Earl might never have played the enviable role he did had he not been sidelined by a rugby injury and septicemia while attending Stanford University (he had been encouraged to pursue a law degree). Upon recuperating, he began working for his father, J.W., who had established the Earl Carriage Works in Los Angeles many years previously, rechristening it the Earl Automobile Works in 1908. “Coachbuilding” (as the creation of custom bodies was known) was transitioning from the shaping of horse-drawn vehicles to the creation of custom bodies for automotive chassis at this juncture, and there was a tremendous demand for unique or highly individualized bodies from the Hollywood stars and moguls of the second decade of the 20th century. Don Lee, who owned the distribution and sales rights to Cadillac automobiles in six cities ranging from San Francisco to L.A., bought out J. W. Earl in 1919. He was eager for access to his clientèle and his remarkably talented son, who seemed to understand these people. In fact, Earl was learning showmanship himself during this era which would stand him in good stead over the coming decades. For the rest of his life he would boast a tan, hundreds of tailored suits, and some of the most remarkable custom automobiles of all time—including the “Y-Job” and the LeSabre—as his “daily drivers.”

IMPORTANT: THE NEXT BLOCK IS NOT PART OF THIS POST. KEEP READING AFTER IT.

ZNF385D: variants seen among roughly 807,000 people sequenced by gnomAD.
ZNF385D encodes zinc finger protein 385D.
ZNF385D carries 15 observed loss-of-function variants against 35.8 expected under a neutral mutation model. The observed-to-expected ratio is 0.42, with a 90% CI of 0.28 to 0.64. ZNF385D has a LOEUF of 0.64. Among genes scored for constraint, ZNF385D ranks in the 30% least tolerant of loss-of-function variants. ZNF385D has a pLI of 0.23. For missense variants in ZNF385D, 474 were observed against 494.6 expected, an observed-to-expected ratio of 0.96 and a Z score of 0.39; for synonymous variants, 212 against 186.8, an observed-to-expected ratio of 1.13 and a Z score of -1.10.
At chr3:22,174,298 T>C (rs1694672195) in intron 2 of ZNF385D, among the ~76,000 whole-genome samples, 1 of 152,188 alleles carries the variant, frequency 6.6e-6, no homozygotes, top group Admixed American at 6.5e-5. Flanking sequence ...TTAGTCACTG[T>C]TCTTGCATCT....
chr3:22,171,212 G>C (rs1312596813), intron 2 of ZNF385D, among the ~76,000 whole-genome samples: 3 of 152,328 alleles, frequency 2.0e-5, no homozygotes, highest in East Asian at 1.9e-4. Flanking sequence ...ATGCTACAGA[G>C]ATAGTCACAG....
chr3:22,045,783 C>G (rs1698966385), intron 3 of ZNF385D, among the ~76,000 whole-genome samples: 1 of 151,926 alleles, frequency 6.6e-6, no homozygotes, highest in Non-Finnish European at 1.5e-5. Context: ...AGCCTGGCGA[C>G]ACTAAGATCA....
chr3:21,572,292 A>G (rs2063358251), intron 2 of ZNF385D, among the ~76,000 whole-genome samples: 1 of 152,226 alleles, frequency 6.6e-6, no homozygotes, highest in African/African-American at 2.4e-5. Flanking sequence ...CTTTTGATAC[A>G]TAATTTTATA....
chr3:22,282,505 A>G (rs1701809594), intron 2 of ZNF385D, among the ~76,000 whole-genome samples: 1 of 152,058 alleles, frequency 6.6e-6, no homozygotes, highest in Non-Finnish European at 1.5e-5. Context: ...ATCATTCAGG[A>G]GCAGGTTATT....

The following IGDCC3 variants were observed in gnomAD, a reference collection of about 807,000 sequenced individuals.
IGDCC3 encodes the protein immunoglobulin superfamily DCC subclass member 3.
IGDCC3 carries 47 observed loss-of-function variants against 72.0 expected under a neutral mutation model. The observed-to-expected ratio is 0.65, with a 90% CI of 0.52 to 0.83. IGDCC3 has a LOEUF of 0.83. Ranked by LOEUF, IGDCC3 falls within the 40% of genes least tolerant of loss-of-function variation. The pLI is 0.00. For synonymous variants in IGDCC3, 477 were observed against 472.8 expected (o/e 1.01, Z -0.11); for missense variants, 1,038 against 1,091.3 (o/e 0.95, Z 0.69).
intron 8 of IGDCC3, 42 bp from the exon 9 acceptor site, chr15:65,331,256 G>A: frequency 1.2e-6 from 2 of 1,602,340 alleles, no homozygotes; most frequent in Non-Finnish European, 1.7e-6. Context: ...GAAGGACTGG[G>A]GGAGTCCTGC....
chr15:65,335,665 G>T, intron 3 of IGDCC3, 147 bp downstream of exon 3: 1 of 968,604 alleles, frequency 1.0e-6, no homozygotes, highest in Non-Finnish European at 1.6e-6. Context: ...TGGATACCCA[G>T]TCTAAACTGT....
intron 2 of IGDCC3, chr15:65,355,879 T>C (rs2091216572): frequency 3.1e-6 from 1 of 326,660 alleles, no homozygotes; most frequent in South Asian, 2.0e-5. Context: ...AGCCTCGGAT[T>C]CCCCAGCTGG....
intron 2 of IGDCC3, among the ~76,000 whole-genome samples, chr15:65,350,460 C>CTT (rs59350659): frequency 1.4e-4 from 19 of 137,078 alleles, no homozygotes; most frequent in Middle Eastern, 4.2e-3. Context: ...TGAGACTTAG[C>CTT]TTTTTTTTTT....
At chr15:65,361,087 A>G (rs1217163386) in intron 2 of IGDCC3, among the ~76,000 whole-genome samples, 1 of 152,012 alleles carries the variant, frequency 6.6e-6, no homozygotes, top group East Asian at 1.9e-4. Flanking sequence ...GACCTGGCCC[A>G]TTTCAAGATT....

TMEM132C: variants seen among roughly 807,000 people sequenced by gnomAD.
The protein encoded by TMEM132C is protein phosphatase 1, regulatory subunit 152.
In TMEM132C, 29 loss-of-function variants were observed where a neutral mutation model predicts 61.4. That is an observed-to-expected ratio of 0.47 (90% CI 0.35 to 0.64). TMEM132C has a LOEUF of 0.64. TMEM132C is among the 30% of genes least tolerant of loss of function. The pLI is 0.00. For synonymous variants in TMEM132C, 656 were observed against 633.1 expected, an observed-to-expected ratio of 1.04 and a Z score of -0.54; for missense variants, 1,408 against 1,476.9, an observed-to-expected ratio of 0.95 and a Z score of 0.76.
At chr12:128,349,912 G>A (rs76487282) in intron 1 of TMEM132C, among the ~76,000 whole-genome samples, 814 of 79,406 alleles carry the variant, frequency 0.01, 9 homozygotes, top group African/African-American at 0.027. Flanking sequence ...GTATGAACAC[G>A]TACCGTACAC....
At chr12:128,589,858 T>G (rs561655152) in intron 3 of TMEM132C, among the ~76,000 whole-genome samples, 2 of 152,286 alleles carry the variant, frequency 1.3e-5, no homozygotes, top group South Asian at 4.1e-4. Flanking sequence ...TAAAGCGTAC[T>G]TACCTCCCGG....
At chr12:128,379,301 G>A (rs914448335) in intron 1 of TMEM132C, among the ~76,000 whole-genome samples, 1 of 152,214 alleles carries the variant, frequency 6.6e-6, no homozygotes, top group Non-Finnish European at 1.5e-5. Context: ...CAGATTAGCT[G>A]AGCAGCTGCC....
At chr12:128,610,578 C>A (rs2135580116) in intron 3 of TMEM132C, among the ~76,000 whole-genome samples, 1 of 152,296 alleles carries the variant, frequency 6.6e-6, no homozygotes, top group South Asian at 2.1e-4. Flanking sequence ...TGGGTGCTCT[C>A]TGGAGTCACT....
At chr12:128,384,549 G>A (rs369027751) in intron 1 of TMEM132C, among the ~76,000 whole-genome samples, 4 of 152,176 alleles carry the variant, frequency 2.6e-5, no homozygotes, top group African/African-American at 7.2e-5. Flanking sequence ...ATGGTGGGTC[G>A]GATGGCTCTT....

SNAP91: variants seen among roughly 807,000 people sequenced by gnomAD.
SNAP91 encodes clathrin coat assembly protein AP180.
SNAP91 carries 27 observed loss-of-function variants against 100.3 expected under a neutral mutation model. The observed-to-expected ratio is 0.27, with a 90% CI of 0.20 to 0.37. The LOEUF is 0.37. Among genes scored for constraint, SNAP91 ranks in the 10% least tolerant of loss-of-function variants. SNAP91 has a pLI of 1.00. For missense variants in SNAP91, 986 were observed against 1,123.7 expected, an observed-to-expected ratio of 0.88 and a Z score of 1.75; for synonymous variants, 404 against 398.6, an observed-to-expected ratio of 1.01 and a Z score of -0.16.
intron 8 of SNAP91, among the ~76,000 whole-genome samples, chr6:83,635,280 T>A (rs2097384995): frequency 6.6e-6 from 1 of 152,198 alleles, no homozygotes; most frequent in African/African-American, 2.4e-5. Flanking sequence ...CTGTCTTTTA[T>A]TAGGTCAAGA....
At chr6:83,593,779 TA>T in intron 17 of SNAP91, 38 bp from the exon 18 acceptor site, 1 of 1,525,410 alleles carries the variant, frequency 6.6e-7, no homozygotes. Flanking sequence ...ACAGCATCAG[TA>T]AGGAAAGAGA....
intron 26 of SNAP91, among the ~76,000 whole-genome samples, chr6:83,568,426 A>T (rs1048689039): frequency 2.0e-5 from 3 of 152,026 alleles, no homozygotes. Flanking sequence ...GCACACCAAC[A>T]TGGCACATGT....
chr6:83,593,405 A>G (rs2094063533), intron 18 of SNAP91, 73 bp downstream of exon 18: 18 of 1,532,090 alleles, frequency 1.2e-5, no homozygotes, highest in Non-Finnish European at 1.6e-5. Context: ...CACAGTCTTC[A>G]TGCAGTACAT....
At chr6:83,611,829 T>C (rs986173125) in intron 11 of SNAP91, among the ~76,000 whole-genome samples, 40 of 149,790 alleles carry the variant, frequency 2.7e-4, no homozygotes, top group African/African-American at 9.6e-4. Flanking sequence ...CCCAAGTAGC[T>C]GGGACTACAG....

Earl created a modern vernacular of forms derived from flight and auto racing, with a priority on “longer, lower, and wider” automobiles. 1927, the year Earl’s LaSalle scored a huge hit, was also the year of Lindbergh’s flight over the Atlantic. This jump-started the public’s fascination with what can be called “pseudo-scientific streamlining”—a smoothing of forms into flowing shapes, initially based on the teardrop. Earl’s earliest achievement was to take GM’s products out of the rectilinear, sheet-metal aesthetic of the early 1920s so pronounced in the early enclosed versions of the Model T, and to create a vehicle that could capitalize on paved roads—and to draw the attention of customers looking to trade up from what was probably their first automobile. Early American automobiles made use of prodigious amounts of wood in their frames until the advent of the all-metal body demanded by the T’s high rate of production (the high temperatures of the ovens baking on the “japanned” black enamel paint would have caused wood to burn—even encased in metal as it was—and was also the reason for Ford’s comment that the public “could have any color it wanted as long as it was black” (it was the only finish that dried fast enough to keep up with Ford’s rate of production). DuPont’s introduction of Duco paints in the mid-1920s opened up a world of color for mass-produced cars…just about the time Earl moved to Detroit. He had arrived at the right place, and at the right time.